When I started this blog I had four loose objectives. The first was to keep family and close friends up to date with Edward’s progress; the second was as a form of personal catharsis which became more and more important as his journey unfolded; the third was, sadly, to keep an account that Edward would be able to look at in years to come to learn how he had fought and overcome such a huge challenge; and the fourth was to provide a reference for other families who will have to travel the same path in the future, and to give them hope and inspiration.
Although we knew there was a risk, I never thought that Edward would die. He had survived two far more dangerous procedures. This was, supposedly, the easy one, but sadly he belonged to the small percentage of children who are unable to tolerate the fontan circulation. Even now, 3 weeks later, it seems scarcely believable. The grief has been all-consuming and we miss him so, so much.
However, during our month in hospital, something quite incredible happened. From just a handful of readers in the first few days, there were tens of thousands reading the blog by the time Edward passed away. Plenty of these people, often complete strangers, have sent us beautiful messages of love and support, many of which I read out to Edward as I sat with him in the middle of the night. Every day these messages continue to come. They have been a tremendous source of comfort during possibly the most difficult time any parent, or person, could ever experience.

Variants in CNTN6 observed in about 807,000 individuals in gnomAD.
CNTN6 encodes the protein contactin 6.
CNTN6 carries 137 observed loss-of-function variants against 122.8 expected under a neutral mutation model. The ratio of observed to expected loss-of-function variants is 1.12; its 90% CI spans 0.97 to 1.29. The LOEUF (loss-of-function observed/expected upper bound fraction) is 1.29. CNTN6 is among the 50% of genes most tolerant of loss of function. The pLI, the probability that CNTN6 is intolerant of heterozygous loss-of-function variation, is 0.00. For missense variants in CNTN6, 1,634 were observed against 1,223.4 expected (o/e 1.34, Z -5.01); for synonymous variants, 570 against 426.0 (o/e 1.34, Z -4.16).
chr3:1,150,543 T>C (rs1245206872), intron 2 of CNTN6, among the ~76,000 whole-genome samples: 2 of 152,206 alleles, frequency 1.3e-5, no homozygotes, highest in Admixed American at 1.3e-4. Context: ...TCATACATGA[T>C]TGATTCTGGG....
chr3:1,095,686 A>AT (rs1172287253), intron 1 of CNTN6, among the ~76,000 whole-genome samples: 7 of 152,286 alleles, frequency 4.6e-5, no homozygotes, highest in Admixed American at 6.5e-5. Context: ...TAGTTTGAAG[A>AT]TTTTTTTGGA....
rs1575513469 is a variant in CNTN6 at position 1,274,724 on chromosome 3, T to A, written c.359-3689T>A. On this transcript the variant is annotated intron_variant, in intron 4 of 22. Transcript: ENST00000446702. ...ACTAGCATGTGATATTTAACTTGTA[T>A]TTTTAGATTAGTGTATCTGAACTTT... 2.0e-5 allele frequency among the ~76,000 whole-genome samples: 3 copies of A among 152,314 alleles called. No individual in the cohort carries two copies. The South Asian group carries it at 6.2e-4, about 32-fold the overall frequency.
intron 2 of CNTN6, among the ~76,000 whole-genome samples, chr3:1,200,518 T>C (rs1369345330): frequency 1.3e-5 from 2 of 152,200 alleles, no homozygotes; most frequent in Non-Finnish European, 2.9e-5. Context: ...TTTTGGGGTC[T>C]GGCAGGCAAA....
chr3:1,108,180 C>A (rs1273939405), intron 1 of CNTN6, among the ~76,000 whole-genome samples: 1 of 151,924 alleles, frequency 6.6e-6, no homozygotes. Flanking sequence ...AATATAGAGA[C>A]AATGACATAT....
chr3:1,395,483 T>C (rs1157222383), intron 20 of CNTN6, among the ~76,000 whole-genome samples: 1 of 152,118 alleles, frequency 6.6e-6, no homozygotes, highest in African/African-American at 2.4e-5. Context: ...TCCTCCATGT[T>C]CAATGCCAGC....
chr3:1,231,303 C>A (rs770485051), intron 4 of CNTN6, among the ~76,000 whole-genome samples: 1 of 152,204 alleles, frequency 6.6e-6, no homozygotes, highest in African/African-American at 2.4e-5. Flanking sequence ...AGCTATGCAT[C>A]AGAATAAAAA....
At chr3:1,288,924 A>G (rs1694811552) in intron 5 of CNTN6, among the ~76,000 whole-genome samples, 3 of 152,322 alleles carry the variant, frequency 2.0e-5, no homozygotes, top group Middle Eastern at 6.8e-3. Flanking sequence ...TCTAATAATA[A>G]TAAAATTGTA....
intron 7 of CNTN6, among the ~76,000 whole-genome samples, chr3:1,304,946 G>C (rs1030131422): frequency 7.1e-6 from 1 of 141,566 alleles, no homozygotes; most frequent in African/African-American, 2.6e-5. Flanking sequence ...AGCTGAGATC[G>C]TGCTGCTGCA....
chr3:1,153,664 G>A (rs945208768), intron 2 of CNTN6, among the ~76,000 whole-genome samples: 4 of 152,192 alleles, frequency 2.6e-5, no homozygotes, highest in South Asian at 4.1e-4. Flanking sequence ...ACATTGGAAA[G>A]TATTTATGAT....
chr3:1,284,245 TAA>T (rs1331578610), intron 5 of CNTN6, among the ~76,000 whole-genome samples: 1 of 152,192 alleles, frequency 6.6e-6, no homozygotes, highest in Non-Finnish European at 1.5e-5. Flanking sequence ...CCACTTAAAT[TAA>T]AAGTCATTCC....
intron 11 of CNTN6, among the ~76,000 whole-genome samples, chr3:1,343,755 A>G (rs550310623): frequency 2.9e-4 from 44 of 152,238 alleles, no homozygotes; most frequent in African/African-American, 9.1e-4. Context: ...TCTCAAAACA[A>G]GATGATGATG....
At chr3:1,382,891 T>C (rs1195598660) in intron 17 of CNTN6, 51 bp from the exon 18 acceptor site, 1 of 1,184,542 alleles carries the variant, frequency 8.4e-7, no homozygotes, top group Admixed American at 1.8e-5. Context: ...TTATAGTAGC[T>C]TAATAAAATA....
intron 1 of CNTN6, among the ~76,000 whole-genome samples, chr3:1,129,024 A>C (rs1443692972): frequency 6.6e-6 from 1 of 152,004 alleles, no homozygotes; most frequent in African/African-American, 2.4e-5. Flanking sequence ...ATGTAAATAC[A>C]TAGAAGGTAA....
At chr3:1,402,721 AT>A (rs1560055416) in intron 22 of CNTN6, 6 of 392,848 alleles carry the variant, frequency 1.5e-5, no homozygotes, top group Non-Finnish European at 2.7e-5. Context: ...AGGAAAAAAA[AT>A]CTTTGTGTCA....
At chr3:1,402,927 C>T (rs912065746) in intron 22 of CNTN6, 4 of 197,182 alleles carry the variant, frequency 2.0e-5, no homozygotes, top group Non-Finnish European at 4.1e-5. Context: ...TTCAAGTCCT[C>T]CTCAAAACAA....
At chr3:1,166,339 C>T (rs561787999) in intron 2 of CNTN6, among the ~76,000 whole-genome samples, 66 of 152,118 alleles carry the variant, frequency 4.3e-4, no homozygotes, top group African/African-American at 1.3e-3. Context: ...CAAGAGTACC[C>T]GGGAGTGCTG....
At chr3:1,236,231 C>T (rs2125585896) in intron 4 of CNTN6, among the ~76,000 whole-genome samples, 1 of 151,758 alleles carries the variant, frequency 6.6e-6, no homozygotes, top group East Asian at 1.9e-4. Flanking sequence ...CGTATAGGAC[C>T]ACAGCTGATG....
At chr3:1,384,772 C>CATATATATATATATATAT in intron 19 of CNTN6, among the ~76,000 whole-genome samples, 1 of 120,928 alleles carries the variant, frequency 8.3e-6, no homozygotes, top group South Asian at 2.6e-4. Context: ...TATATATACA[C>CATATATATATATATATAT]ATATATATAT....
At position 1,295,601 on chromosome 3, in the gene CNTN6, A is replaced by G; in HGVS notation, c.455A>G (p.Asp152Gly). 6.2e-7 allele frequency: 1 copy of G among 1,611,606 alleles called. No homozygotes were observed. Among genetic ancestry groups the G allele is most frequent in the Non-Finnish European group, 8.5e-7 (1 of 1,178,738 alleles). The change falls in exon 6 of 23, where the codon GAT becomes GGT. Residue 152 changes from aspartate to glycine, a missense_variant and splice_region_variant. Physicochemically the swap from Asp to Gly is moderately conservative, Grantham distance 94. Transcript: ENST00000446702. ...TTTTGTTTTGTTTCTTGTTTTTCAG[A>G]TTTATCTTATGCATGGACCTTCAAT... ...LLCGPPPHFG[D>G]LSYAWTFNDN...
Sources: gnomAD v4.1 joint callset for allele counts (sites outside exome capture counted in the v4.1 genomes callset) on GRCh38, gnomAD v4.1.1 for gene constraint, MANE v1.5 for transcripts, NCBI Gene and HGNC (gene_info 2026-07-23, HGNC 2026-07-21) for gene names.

As I’ve already mentioned, It was always my intention to provide a resource for other parents of children with serious heart conditions to look at for support and advice from a family that have been through it. Just because Edward didn’t make it doesn’t change this – all it means is that my focus has now changed from helping survivors to supporting bereaved parents like us. I have discovered that death at the fontan stage is (thankfully) relatively rare, but this means that there aren’t many other parents with whom to talk and get support from who have experienced exactly the same thing. We know of only one family, through Little Hearts Matter, who have already kindly offered to come and see us and I would like to be able to do the same for others in the future, either in person or through this blog.
That’s why I feel that, despite Edward’s death, I should continue with the occasional post, to address issues such as grief and, hopefully, moving on and getting on with our lives. I want it to be a part of his legacy, to provide love, support and guidance for anyone else who has to travel this path. It doesn’t matter if hardly anybody reads it, but at least it will be here if somebody needs it.